How does raising sheep for wool in a sustainable way impact climate change? How does Carbon Farming help restore balance in a way that helps build resilience to drought while also increasing agricultural productivity naturally? Welcome to the future of Climate-Beneficial Wool.
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A significant number of the sheep in our region are grazed on the vegetation of California’s rangeland systems.
Alpaca, llama and mohair producers also utilize pasture (managed, grazed domestic forage) and to some degree rangeland (grazed resident vegetation) for their agricultural practices.
All of these grass-fed, fiber-producing animals have the potential to graze on managed landscapes where Carbon Farming practices are being implemented, thus creating products that are Climate Beneficial™, by virtue of their integral place in the Carbon Farming system.
Why is Carbon Farming Important?
The carbon cycle is a critical natural process that moves carbon through Earth’s atmosphere, biosphere, pedosphere, lithosphere, and oceans. Human activity has tipped the balance of the carbon cycle through extracting enormous quantities of deeply sequestered fossil carbon as fossil fuels. These dense forms of carbon, when burned, release massive amounts of energy and carbon dioxide.
More carbon dioxide is now being released than the earth’s land-based plant life and oceans can naturally reabsorb.
The excess carbon dioxide has formed a blanket in our atmosphere—trapping the sun’s heat and changing our climate, as seen in shifts in our earth’s jet stream, ocean currents, and air temperature. Rainfall patterns are changing and glaciers (water storage for many communities) are melting quickly.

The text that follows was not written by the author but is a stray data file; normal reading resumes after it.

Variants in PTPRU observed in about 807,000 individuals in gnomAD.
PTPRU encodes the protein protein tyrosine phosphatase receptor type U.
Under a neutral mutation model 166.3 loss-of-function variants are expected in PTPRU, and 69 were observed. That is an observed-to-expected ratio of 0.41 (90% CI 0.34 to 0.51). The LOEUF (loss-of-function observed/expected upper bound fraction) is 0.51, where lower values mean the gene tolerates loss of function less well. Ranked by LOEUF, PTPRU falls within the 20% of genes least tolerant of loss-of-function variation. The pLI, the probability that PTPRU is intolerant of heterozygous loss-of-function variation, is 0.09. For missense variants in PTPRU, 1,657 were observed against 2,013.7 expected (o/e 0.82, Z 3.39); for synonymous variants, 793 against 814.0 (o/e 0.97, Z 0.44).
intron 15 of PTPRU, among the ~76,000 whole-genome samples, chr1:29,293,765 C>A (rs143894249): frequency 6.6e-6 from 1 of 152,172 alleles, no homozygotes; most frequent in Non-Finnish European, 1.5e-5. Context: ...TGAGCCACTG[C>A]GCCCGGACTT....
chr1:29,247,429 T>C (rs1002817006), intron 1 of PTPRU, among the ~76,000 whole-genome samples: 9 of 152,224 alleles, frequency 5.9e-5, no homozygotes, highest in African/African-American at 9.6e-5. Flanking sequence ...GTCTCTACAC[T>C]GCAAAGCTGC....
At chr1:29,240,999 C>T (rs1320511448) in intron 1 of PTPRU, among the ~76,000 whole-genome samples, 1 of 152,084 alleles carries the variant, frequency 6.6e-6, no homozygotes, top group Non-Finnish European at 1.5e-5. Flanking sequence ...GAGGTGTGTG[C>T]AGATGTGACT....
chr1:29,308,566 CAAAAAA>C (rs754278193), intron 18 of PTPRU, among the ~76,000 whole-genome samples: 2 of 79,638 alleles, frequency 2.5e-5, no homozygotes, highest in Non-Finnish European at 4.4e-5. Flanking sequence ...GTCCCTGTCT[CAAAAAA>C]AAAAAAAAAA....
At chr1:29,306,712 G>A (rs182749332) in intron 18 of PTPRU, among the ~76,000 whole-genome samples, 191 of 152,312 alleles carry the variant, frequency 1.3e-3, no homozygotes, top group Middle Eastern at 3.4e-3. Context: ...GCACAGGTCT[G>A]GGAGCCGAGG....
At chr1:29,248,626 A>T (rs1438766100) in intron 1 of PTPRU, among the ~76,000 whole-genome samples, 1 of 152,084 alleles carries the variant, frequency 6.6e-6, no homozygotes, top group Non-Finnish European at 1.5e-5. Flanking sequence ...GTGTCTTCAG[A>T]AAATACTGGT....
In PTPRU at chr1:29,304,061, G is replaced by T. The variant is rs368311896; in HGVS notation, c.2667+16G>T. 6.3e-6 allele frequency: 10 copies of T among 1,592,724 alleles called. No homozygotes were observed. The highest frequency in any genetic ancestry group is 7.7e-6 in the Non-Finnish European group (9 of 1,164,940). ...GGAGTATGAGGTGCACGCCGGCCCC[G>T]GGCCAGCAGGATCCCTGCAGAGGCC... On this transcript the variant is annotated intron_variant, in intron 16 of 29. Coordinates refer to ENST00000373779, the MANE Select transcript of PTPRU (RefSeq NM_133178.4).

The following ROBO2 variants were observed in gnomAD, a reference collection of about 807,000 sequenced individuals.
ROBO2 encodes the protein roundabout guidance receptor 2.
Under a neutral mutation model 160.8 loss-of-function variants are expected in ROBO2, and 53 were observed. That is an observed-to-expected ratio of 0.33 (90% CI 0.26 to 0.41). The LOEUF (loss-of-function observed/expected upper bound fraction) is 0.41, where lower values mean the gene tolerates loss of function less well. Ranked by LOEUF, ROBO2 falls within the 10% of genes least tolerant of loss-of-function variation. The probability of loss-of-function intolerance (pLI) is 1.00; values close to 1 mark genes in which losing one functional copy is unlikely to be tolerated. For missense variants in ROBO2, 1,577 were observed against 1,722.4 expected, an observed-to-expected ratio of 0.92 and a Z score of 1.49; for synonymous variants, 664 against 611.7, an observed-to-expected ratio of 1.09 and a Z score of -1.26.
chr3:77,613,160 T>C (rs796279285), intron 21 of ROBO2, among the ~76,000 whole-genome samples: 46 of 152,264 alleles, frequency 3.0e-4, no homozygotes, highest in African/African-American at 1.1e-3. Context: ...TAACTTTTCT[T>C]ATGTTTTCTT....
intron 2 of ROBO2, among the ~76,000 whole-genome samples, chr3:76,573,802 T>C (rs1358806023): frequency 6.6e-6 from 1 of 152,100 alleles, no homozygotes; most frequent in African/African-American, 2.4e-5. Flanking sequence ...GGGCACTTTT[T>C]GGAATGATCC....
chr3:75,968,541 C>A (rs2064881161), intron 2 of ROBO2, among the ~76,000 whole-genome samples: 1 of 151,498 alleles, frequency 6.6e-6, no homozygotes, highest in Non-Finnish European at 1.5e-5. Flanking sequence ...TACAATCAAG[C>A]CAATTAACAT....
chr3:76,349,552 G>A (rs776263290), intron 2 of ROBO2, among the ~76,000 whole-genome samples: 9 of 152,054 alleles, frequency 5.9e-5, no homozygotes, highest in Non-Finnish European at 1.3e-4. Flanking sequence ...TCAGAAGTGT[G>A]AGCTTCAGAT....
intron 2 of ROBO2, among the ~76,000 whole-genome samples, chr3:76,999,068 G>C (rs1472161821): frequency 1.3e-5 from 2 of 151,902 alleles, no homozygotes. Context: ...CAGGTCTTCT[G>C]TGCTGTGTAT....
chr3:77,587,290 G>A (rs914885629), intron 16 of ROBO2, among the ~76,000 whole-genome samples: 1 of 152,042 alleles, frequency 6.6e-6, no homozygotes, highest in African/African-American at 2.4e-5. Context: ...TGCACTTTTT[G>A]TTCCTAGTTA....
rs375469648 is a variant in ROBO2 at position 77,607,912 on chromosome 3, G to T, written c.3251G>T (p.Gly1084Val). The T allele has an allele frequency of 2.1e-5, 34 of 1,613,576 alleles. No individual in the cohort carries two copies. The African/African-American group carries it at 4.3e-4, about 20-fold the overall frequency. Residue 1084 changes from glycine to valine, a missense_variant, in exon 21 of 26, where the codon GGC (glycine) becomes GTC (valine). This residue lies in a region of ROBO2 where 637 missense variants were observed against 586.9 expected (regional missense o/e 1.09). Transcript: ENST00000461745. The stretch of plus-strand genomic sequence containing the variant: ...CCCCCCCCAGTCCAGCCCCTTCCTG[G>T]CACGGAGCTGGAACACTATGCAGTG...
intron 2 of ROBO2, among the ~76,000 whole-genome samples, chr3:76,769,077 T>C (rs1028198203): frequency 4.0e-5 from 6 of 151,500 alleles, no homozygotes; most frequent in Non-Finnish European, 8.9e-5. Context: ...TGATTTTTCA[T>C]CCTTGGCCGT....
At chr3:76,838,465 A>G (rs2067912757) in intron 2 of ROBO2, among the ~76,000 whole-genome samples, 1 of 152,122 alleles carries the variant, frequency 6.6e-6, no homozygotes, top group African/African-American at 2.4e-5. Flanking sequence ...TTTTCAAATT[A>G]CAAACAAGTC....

Carbon Farming has the potential to restore balance within the carbon cycle in a way that will ameliorate climate change, build resilience to drought and increase our agricultural productivity naturally.
Measured and Monitored
How are products determined to be Climate Beneficial?
Carbon Farming Practices can be measured and monitored for the enhancement of permanent soil carbon storage, and therefore material coming from these landscapes can be verified as Climate Beneficial.
In an initial research study by Dr. Marcia deLonge of UC Berkeley’s Silver Lab, it was shown that sheep grazed on compost-applied rangelands produce wool with a net carbon benefit; and subsequently moving this wool through a regional and renewable energy powered supply chain would produce a garment with a negative CO2 footprint.
Comparing conventional to Climate Beneficial production shows a carbon footprint differential of over 150 pounds of CO2 per garment. See the comparison here.
Implications for Brands and Artisans
In 2013, Fibershed assessed California wool for its quality and quantity. It is now known that a considerable amount of California’s wool (over 900,000 pounds per year) is high enough quality for some form of garment production.
Regenerative Fiber Systems
Regional and place-based clothing will offer a new wave of opportunity to explore the potential of our landscape.
Fibershed has developed a program, called 1% for Regenerative Fiber Systems, for brands and artisans to contribute directly to a non-profit fund to pay for the implementation of Carbon Farming on our local ranches and farms.
Donations made to this fund create measurable beneficial climate impact, while supporting drought resilience, and a diversity of forage and habitat. These early stage investments will bring about the creation of certified Climate Beneficial fiber for use in multiple garment and durable good contexts.
Climate Beneficial is a trademark of Fibershed and Carbon Cycle Institute. Illustrations © Ron and Joe/Shutterstock